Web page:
(In fact while we’re only the subject of persona, why not throw in a day-to-day schedule system to. Knowing that a major story mission is approaching a certain date, you give the player a limited amount of time to choose how they want to prioritize spending their time, whether with team mates out out on missions gathering more materials. This, admittedly is less a complaint, and just some ideas for what to do in futures games, if there are any, but it’d be no less cool to see.)
When it comes to the aesthetic design, I’d say that God Eater 2 holds up pretty well, though it being a port of an older gen games is noticeable. While the environments aren’t particularly interesting in anyway, the character and especially the monster designs are a true thing of beauty. It’s quite a feat to make a color palette of predominantly browns and red produce something this stylish and attractive, so major props are due there. The music, while only having a couple of stand out tracks, does it’s job well enough to fit the tone with a balance of heavy orchestrated tracks and a mix of vocal electronica and dub through into the action set pieces. And as someone who has generally loathing of dubstep, that’s something to be said, even if some of the music played in certain scenes didn’t always fit the tone of the moment as well as it should. As for the voice acting, while the lack of a Japanese audio track will disappoint some, the English dub isn’t have bad. It may not be Xseed or Atlus levels of localization quality, but it’s well acted enough and a few lines did manage to get a laugh at...(by which I mean about 90% of everything that came out of Emil’s mouth got a laugh.)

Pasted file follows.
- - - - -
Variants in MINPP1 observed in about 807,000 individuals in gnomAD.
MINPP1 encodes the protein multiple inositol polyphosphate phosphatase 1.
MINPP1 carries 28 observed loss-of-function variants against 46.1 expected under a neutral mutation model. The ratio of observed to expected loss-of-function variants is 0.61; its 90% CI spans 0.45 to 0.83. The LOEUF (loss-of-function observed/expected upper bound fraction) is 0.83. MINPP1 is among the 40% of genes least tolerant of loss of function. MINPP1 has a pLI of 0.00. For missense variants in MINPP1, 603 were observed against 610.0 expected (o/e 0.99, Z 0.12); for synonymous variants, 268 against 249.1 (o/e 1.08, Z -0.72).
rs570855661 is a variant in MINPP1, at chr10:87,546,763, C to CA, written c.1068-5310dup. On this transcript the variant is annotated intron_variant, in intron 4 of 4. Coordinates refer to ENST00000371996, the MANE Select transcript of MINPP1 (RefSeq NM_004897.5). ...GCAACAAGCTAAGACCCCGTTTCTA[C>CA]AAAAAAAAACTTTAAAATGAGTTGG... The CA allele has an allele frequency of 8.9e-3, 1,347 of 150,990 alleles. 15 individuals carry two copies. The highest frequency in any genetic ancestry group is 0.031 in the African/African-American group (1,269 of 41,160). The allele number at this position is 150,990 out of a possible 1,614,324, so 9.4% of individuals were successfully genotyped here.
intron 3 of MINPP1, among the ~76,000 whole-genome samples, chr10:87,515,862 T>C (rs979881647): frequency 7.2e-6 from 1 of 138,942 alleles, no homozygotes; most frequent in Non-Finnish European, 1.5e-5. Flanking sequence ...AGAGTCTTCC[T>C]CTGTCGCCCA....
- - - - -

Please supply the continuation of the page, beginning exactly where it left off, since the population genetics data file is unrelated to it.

Again I feel I need to reiterate that the key to getting the most fun out of God Eater 2 is knowing exactly what you are getting in for. If you are a Playstation owner that is just looking for a monster hunter clone, then this is serviceable enough, but it’s not exactly what it’s about. If you’re wanting a stylishly designed, fast-paced character driven action RPG with tons of customization and ways of personalizing your experience, then I think this should do You very well. There were more than a few occasions when playing where I was this close to ranking this game up with the Best-of-the-Best in the genre. And while the sluggish pacing, repetition, and lack of world building do hamper it to an extent, as far as pure enjoyment goes, this is without question among the most fun I’ve had with a game this year.